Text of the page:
It is hard not to play favorites. I admit to having favorite areas within The Scott Arboretum. The Terry Shane Teaching Garden is near and dear as I personally garden and tend the space. The Harry Wood Garden features a fantastic array of choice bulbs and shrubs under the dappled canopy of Betula nigra. The Nason Garden provides playful contrast between textures while the Metasequoia Allee uses the prehistoric deciduous conifer to link campus buildings. Bond Quad, a residential area forming a quadrant linking Bond and Worth Hall, displays Cotswold style architecture. The buildings have a medieval feel. Small trees and conifers are used to soften the stonework. Prunus mume, also known as Japanese apricot or Chinese plum, is one tree used to balance textures.
Native to China and Korea, Prunus mume has been in cultivation for over 1,500 years. The deciduous tree expanded outward, its range stretching forth to include Taiwan, Korea, Vietnam, and Japan. The flower blossoms of P. mume have been honored and celebrated in Eastern Asia for centuries. Poems, paintings, textiles, and cuisine all bear reference to the plant’s influence.
In China the plum blossom is honored as a symbol of winter and harbinger of spring. It is not uncommon to see P. mume in bloom under a blanket of snow. The plum blossom is one of four flowers, the others being the orchid, chrysanthemum, and bamboo, that comprise the “Four Gentlemen” of flowers. It is believed these four plants bear strong commonalities with the human virtues of loftiness, righteousness, modesty and purity. Each plant also corresponds to a particular season. The plum is linked to the spring season. While still relevant today, use of the “Four Gentlemen” was particularly popular during the Song Dynasty (960-1279).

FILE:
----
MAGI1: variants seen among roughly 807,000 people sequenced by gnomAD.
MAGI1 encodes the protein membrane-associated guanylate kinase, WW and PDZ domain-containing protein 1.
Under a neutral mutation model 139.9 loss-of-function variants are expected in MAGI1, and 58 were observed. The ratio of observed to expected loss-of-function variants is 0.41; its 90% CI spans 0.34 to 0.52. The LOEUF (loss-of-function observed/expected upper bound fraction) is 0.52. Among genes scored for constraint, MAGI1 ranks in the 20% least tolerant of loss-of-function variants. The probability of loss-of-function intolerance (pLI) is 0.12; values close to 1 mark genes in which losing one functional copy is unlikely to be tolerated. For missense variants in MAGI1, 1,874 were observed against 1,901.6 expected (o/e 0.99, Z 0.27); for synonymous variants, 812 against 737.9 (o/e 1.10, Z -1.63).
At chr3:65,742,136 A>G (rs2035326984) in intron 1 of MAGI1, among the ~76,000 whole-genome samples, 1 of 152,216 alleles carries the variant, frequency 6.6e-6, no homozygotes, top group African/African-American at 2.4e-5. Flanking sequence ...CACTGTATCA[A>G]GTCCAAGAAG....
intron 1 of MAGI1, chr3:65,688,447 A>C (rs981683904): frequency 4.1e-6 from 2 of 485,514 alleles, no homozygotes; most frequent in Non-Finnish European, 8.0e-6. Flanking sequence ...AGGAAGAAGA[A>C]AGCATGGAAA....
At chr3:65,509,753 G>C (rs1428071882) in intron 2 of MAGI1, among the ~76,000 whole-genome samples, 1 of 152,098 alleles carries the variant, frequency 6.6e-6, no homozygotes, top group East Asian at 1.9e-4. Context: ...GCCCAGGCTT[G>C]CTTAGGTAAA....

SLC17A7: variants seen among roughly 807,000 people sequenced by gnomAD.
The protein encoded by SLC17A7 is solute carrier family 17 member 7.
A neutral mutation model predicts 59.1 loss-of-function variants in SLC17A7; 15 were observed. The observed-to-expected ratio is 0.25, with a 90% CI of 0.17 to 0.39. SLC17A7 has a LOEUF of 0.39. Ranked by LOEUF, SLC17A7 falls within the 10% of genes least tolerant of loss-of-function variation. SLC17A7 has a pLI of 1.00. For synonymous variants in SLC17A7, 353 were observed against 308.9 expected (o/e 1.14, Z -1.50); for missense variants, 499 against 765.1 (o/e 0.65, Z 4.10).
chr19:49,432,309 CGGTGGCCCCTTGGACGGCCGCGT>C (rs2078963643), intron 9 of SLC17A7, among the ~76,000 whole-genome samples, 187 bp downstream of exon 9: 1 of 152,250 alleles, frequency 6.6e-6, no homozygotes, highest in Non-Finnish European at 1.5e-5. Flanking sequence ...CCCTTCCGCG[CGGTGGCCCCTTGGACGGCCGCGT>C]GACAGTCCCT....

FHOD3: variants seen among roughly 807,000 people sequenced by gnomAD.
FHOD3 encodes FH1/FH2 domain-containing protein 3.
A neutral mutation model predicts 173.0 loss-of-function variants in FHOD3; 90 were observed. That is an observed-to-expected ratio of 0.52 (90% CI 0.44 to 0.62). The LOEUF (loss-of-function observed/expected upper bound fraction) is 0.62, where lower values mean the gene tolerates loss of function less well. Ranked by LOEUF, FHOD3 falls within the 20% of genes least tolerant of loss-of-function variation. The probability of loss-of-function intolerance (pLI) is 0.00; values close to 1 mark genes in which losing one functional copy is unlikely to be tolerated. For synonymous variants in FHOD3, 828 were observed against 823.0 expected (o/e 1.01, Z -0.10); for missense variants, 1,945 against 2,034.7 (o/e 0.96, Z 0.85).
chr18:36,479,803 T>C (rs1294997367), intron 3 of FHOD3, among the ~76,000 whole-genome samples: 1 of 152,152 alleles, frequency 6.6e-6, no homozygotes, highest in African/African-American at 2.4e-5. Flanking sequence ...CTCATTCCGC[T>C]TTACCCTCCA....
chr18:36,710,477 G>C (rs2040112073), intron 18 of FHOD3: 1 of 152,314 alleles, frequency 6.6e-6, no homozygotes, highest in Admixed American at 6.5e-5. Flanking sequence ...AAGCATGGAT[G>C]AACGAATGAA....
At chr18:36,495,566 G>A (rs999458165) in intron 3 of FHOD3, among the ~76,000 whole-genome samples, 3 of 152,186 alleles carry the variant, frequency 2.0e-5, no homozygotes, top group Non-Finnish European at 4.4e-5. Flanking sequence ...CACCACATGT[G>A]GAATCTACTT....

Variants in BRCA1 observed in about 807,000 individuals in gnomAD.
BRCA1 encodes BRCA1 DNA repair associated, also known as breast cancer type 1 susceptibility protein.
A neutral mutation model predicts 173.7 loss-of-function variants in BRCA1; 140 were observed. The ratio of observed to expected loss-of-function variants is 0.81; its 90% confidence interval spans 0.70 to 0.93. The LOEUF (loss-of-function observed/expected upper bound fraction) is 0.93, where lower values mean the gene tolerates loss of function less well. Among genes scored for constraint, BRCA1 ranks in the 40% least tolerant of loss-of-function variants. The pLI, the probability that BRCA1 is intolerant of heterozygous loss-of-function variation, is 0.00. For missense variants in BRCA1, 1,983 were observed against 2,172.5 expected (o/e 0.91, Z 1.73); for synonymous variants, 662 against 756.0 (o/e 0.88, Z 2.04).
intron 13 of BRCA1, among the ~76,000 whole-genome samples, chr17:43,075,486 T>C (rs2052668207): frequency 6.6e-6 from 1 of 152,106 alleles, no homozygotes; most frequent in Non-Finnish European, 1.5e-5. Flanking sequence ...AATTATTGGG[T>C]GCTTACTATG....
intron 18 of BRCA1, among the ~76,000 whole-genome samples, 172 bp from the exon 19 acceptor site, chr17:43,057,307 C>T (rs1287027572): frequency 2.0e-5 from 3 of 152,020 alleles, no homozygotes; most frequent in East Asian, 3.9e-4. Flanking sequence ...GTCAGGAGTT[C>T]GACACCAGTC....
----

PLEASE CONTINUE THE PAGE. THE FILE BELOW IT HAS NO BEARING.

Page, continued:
This deciduous tree typically reaches 20-40’ in height. Simple, green leaves 2-4” in length cover the tree. While the plant is understated during the summer and offers no color change in the fall, the true spectacle occurs in mid to late winter when the showy flowers open. Starting as early as January and depending on cultivar, weather and site, Prunus mume blooms over the course of several weeks. One cultivar, P. mume ‘Peggy Clarke’ has been blooming for over a month and is still showy. Flowers are either single or double and come in shades of white, red and various hues of pink.
After pollination, 1-3” fruits develop. In Asia the fruits are consumed in a variety of products ranging from plum sauce to pickled plum fruits. Consumption in the United States isn’t commonplace. At The Scott Arboretum the dropped fruits are collected and composted to reduce mess.
A variety of insect pests feast upon P. mume. Aphids can distort new growth, especially early in the season. Borers may attack stressed trees and tent caterpillars can make webbed nests and eat the foliage. Keep trees healthy through proper cultural practices. Pay particular attention when leaves begin to flush out as this is the time when most insects attack.
Hundreds of cultivars exist in Asia. While selection is reduced in the United States, diversity in flower form and color is possible. ‘Kobai’ sports semi-double pinkish-red flowers and produces a cinnamon-like fragrance. ‘Fragrant Snow’, recently planted on a bank near Old Tarble, is regarded as the best white, semi-double cultivar. It is also one of the earliest to bloom. For true pink double flowers consider the cultivar ‘Peggy Clarke’.
Come walk the grounds of The Scott Arboretum. Now is an ideal time to observe Prunus mume in full bloom. Check out the April 2012 Arboretum Event Calendar for other opportunities to experience the genus Prunus.